Theodore Tronchin, 1709–1781; A Sketch
Boston Medical and Surgical Journal
The name of the great practitioner of medicine, like that of the great advocate in her sister profession, is written in water, unless he produces a book and thus wins attention during his life, or, perchance, appreciation after his death. Even if the book be indifferent or bad, the book it remains and is treasured as such in the cemetery of books, the library. Theodore Tronchin, pupil of Boerhaave, honorary professor of medicine at Geneva, of enormous vogue there, and later in Paris, as a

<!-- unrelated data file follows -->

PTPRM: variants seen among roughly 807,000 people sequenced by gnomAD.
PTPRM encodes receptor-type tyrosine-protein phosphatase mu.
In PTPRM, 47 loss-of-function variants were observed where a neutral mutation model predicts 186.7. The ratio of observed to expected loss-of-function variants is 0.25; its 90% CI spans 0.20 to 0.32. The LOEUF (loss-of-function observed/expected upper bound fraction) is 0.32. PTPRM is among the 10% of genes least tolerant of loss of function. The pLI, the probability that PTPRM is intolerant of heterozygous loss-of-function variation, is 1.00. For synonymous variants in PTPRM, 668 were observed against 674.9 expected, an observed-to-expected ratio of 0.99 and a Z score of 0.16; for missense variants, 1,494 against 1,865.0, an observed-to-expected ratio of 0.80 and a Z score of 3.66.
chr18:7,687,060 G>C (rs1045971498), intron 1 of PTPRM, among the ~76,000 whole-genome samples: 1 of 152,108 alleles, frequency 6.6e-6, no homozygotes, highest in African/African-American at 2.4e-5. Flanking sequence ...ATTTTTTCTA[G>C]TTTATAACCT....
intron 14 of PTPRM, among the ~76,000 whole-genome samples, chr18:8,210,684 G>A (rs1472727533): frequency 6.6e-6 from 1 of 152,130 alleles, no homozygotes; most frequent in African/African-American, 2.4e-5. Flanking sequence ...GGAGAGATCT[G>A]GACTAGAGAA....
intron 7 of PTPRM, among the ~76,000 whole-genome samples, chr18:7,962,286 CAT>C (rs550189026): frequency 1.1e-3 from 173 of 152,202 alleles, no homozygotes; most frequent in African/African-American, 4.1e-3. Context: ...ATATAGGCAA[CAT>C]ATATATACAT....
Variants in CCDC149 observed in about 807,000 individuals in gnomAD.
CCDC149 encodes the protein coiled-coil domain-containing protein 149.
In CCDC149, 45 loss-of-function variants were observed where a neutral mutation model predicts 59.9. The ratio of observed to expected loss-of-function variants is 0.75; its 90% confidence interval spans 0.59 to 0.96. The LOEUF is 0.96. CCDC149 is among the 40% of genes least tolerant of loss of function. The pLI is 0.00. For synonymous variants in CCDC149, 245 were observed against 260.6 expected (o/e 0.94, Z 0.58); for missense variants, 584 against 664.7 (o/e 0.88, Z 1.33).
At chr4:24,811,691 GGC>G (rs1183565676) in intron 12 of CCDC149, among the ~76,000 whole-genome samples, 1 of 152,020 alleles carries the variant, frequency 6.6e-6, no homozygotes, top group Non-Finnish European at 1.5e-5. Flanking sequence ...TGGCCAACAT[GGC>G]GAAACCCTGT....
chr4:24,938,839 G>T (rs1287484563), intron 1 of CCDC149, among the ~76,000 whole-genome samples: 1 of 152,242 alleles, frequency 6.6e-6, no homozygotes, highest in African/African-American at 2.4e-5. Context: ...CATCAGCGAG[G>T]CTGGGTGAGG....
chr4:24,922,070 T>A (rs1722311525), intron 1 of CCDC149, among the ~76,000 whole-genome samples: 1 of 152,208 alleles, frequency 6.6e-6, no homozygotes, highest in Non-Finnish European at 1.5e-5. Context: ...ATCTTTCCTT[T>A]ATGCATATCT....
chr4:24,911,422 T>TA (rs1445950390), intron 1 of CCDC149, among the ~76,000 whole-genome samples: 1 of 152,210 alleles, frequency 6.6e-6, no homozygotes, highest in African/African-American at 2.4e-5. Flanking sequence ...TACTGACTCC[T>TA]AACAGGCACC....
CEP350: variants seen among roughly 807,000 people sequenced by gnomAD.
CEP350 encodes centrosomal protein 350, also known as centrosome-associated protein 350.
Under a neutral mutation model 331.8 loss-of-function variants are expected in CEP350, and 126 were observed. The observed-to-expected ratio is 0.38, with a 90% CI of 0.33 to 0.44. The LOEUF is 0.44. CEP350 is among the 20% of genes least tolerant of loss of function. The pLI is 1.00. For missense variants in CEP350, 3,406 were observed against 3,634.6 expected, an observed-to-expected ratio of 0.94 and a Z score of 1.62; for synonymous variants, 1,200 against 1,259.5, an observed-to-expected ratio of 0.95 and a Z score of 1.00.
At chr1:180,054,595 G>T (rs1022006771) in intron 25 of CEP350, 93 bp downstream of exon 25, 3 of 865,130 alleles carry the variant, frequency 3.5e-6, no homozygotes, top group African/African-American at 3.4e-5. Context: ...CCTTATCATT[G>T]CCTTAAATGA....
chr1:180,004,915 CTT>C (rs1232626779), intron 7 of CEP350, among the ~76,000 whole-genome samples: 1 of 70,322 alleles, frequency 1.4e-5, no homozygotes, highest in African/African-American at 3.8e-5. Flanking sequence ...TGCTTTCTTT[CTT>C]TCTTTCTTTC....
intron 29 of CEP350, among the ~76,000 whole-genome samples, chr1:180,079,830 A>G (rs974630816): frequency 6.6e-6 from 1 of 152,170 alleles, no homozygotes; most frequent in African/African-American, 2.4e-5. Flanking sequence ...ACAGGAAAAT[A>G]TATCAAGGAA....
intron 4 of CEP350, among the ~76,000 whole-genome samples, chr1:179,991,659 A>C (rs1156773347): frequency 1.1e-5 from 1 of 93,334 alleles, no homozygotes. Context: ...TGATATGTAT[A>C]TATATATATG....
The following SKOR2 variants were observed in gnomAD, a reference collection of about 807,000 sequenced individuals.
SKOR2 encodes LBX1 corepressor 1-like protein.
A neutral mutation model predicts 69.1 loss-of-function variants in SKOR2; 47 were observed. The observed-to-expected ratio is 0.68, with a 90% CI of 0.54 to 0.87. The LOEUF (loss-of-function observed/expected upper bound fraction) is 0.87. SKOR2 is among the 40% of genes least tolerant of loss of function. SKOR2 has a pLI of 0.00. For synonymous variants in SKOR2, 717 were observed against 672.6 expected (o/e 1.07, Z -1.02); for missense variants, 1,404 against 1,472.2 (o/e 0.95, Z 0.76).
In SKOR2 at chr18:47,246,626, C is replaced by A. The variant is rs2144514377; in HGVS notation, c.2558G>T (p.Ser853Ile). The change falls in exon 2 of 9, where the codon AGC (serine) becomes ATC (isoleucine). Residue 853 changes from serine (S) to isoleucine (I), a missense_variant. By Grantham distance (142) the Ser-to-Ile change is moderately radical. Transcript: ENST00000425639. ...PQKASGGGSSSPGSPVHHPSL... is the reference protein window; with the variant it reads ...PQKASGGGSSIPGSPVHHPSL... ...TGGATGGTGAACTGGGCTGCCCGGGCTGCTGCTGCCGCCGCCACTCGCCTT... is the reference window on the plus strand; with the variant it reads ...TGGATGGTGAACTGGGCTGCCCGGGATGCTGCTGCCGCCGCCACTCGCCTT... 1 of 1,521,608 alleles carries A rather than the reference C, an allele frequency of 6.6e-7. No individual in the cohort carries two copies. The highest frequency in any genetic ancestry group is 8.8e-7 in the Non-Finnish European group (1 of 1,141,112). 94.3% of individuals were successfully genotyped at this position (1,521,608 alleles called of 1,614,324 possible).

... n Paris, as a practitioner, is a case in point. His name is contained neither in the Encyclopedia Britannica nor in the Century Dictionary of Names. There was no " Who's Who " in those days. A sketch of his life, with extracts from his voluminous correspondence, has lately appeared,1 and rescues from oblivion a man of strong character and broad intellect, who dared at a time when medical dogma and theory were still in the ascendant, and when disease was combated by bleeding, purging and puking, to exercise a rare common-sense, to inculcate right living and outdoor exercise, and to recognize in these the most potent means of the prevention and treatment of many maladies.